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Stew Mac Conductive Copper Tape Ain't Conductive

snouter

Senior Member
Messages
2,152
Just did the backside of my new pickguard and double checked continuity. Generally speaking, the tape has really weak conductivity. Some overlapped pieces do not conduct at all. Looks like Guitar Electronics still sells the real stuff. Was gonna use that guitar at an open mic tonight.
 

Clorenzo

Member
Messages
1,923
Did you make solder connections to connect the overlapped pieces?
Well, the point of copper tape with a conductive backing is that you're not supposed to have to do this.

OP, did you just check continuity or actual resistance value? Bear in mind that a guitar circuit is quite high impedance and a ground resistance of a few tens of ohms is no problem at all, but most multimeters will only "beep" in the continuity setting if the resistance is less than 20-30 ohms or so.
 

snouter

Senior Member
Messages
2,152
CD, no because the Stew Mac decription says, "The self-adhesive backing is also conductive." The Stew Mac stuff is definitely NOT conductive. But I did have some left over conductive 3M copper tape, so I can use little strips of that instead of soldering. Clorenzo, the pickguard does not even give a beep (although there is a sporadic beep with no reading on some pieces) on any piece other that a source piece. ALL of my other shielding with the 3M gives an instant beep and within a second or two 00.0 reading.

Update: The little 3M strips have real conductive backing so after I put one of every single overlap, the pickguard is functional. Definitely not the way to do this though. It is a Warmoth Strat so I have to remove the neck to switch pickguards. Other than that no big deal, just got to order some of the 3M stuff next time.
 
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Kyle B

Silver Supporting Member
Messages
5,115
In my experience, ANYTHING that's sticky & comes on a roll, insist on ONLY 3-M stuff and you'll never be disappointed. 3-M definitely makes the best of ALL types of tape.
 

SamBooka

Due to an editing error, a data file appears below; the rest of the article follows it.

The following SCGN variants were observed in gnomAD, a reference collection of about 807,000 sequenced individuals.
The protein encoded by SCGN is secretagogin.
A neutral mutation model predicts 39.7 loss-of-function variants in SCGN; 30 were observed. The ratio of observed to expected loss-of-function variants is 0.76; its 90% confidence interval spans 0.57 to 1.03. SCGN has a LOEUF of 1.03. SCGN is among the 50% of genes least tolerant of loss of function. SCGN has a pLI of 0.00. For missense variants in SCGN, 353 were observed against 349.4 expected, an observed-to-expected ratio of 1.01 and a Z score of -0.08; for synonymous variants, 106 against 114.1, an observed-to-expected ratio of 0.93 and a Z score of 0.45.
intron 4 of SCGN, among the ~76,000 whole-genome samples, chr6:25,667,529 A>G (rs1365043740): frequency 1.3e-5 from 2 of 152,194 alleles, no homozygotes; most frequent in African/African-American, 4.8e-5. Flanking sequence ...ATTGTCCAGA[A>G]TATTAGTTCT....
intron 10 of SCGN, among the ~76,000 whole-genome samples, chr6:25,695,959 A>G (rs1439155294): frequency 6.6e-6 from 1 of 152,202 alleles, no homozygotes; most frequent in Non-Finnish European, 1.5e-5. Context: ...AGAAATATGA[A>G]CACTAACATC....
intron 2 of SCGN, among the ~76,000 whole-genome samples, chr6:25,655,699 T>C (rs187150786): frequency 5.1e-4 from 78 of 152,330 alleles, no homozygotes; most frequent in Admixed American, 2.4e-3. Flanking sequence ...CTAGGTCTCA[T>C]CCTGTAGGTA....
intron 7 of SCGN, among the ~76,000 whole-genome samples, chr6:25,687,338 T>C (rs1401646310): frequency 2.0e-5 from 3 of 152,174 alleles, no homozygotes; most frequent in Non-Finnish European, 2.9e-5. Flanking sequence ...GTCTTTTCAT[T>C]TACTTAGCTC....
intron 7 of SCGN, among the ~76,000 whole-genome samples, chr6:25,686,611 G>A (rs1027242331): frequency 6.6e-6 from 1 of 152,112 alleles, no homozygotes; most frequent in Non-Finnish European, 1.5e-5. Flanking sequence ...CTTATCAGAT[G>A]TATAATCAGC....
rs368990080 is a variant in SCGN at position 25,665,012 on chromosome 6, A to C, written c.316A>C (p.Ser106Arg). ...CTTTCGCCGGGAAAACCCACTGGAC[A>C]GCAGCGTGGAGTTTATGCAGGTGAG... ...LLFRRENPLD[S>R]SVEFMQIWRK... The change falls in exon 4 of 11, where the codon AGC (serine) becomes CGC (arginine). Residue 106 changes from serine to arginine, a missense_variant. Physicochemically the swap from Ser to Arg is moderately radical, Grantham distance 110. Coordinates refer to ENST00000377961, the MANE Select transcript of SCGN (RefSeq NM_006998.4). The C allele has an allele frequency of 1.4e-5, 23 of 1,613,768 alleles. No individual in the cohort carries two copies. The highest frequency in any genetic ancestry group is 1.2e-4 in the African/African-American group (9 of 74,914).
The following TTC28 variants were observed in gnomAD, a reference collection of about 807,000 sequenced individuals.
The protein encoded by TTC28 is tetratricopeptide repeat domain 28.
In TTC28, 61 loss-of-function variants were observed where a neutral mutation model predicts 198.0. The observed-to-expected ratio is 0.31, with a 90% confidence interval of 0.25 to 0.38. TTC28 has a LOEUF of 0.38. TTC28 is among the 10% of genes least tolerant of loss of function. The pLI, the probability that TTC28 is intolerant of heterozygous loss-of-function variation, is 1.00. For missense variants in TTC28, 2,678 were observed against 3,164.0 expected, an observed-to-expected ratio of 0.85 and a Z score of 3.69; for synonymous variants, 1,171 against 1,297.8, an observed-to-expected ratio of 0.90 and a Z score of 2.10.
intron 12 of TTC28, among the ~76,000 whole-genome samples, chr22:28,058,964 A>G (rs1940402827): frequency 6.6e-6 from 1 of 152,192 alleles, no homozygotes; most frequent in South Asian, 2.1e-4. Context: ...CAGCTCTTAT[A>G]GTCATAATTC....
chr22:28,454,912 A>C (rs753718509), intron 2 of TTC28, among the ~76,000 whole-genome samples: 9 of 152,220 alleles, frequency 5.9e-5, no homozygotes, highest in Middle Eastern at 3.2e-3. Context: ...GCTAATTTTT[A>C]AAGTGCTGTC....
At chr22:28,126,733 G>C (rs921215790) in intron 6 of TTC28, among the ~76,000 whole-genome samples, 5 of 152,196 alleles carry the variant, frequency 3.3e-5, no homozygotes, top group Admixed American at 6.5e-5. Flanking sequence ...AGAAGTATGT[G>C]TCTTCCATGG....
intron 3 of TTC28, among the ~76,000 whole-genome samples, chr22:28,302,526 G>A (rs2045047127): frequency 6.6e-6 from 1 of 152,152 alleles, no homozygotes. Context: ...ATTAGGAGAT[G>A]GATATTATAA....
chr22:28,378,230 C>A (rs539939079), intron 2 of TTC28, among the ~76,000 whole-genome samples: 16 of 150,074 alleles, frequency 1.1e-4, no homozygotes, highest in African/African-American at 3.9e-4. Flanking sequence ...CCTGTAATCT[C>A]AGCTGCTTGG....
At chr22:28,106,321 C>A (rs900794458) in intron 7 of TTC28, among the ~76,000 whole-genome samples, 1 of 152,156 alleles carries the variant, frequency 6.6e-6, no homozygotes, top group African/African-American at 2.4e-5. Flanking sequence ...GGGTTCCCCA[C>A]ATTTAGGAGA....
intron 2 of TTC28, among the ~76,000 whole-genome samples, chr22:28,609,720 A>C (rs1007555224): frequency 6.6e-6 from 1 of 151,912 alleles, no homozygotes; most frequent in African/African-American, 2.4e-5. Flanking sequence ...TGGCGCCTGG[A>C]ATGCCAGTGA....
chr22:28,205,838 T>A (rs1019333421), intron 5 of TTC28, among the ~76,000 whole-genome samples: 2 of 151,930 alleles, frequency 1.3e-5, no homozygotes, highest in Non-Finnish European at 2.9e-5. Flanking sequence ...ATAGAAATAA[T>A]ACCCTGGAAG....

Member
Messages
2,222
Thanks for the headsup. I always solder anyway but I guess conductive backing is neater.
 

Drak

Senior Member
Messages
5,055
I would have called them first and let them know and see what they have to say about it, SM is generally very customer conscious and easy to work with, maybe they got a bad batch, I think you should call them and see what they have to say.

I've been using that tape for 15 years on so many guitars I've lost count, and I ALWAYS check for conductivity all throughout the guitar when done, and always get it, no problems, ever, not once, and all very quiet guitars, the stuff works and does what it's supposed to do.

Have you ever used it before?

Just sayin'...I would have called them before I openly slammed them and their products on a thread, especially since I can vouch for their conductive tape being an excellent product many times over, and I have never once soldered two pieces of tape together, ever, and never needed to.

I can pull apart multiple guitars right now years later after installing it and show you excellent conductivity throughout the entire guitar, repeatedly, with never a problem one.
 

Sweetfinger

Gold Supporting Member
Messages
13,186
Yeah, not all copper tape has conductive adhesive. Also, some copper tapes may have a top coating that is also not conductive. I use copper tape for pickguards but for cavities I use paint.
 

Dr. Jimmy

Member
Messages
4,126
I would have called them first and let them know and see what they have to say about it, SM is generally very customer conscious and easy to work with, maybe they got a bad batch, I think you should call them and see what they have to say.

I've been using that tape for 15 years on so many guitars I've lost count, and I ALWAYS check for conductivity all throughout the guitar when done, and always get it, no problems, ever, not once, and all very quiet guitars, the stuff works and does what it's supposed to do.

Have you ever used it before?

Just sayin'...I would have called them before I openly slammed them and their products on a thread, especially since I can vouch for their conductive tape being an excellent product many times over, and I have never once soldered two pieces of tape together, ever, and never needed to.